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Shinto shrine, Yamagishi neighborhood in Morioka

Abstract

This is a small, local shrine on a hillside above the Yamagishi neighborhood of Morioka. -- Many of the elements seen here are common to all shrines. The two sculptures are koma inu, shrine dogs -- guardian figures. In this instance, they are foxes, indicating that this is an inari shrine, one associated with the kami of rice. Other shrines often have guardian figures that closely resemble the mythological beasts known as Chinese lions, or semi-human figures that reflect the Nio statues of Buddhist temple gates. Along with the red paint evident at this particular shrine, these are elements indicative of the merging of elements of Shinto and Buddhism. E.g., indigenous Shinto preference probably would be for unpainted wood, such as is seen at the shrine at Ise, and the red paint here is probably indicative of the influence of Chinese and Korean Buddhist architecture. -- The rice straw rope and its zig-zags of folded paper denote the place where a kami , a spirit, resides. The cloth pulls hanging down in front of the rice straw rope have bells attached at their top - one would pull on the cloth or rope pulls to produce a sound in the bells to summon the attention of the kami, in order to offer a prayer or give thanks.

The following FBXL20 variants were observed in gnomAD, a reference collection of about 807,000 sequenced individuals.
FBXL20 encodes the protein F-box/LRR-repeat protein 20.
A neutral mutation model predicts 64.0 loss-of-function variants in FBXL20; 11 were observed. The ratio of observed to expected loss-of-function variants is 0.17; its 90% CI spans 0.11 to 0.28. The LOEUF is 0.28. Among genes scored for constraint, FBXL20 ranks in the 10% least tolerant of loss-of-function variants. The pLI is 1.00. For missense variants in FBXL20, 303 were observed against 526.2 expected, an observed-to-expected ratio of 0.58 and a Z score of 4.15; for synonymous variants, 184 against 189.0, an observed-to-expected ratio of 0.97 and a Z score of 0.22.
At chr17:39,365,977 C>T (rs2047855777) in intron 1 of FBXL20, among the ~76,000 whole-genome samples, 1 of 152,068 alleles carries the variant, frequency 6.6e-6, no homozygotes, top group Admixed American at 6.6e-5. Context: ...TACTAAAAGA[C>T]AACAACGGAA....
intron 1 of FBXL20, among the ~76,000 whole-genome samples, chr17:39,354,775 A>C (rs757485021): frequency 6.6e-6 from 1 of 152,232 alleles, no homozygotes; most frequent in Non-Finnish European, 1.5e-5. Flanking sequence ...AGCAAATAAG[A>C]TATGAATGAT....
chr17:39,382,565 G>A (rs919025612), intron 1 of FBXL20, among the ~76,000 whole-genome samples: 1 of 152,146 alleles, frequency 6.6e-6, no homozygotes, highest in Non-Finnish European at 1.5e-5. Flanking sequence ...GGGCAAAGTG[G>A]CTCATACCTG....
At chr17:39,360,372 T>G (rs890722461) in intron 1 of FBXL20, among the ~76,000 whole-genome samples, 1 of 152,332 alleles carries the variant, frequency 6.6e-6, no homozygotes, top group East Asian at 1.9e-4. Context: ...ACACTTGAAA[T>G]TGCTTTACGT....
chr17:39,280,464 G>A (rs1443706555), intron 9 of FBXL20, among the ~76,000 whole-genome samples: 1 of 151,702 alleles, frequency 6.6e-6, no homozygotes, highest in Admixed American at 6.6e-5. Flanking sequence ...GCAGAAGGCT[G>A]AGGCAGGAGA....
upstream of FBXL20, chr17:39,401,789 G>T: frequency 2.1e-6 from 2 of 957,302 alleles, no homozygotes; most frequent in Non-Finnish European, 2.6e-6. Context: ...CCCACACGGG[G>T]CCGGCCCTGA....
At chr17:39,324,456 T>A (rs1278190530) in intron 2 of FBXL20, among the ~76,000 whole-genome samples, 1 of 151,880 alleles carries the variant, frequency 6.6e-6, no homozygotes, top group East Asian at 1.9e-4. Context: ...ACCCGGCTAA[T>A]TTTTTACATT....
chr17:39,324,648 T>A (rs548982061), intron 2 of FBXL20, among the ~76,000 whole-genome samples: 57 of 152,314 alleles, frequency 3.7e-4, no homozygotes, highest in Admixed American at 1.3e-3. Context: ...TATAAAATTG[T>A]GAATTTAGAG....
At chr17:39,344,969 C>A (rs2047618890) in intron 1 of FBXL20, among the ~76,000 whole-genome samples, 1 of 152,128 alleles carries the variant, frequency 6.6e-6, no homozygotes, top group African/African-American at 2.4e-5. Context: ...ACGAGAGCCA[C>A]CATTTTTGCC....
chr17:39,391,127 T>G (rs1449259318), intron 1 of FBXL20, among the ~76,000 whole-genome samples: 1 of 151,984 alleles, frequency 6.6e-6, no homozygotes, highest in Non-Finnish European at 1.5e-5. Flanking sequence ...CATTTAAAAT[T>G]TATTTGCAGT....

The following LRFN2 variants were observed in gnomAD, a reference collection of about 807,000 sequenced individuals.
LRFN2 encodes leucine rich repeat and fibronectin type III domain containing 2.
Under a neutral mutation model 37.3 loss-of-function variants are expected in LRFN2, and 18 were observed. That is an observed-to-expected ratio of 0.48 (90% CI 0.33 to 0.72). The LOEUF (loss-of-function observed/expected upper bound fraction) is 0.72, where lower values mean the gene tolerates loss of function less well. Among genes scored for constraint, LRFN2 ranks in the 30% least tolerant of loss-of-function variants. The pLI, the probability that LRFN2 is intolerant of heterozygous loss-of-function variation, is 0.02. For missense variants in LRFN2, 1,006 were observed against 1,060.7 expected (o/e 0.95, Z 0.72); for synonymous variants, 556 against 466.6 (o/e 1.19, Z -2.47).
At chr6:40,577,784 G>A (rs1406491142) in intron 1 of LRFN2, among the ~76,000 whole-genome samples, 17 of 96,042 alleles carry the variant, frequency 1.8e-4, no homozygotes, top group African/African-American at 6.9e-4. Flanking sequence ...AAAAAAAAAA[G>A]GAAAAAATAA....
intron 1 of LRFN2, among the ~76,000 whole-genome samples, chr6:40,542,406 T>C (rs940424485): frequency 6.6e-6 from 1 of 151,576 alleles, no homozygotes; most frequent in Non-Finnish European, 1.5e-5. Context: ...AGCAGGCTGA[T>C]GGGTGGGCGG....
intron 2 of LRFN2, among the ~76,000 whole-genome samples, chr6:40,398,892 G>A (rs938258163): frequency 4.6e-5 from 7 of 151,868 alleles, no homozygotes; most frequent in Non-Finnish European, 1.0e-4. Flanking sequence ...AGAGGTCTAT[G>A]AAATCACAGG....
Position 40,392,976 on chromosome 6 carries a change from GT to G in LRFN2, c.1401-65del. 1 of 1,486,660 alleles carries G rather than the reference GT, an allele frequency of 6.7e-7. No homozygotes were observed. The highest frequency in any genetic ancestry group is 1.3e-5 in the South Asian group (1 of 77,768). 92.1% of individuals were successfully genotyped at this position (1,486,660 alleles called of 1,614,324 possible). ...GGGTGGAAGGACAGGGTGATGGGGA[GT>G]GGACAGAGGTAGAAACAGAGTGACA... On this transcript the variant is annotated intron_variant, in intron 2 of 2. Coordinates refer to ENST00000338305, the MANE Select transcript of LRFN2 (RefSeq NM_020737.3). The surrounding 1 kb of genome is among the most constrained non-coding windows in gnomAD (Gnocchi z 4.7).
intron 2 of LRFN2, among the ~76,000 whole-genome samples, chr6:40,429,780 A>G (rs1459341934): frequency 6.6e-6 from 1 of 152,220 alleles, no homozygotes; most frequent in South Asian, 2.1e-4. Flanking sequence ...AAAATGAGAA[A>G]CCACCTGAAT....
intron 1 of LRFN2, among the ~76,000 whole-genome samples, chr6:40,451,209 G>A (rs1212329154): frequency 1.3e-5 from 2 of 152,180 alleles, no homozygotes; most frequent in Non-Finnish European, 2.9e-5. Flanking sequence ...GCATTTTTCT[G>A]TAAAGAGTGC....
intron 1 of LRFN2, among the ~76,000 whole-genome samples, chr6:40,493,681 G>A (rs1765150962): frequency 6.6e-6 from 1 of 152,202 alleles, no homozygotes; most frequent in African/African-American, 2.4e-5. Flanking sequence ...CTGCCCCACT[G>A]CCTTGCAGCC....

Note

Materials may be used for educational, non-commercial purposes only, in accordance with Fair Use policies. Acknowledgement to be given to the IDEAS Project and to the photographer. Photographer retains copyright.

Administrative Notes

Materials may be used for educational, non-commercial purposes only, in accordance with Fair Use policies. Acknowledgement to be given to the IDEAS Project and to the photographer. Photographer retains copyright.

Copyright
Copyright restrictions apply.
Publisher
Earlham College
PID
coccc:22528
Extent
960 w x 640 h, 96 ppi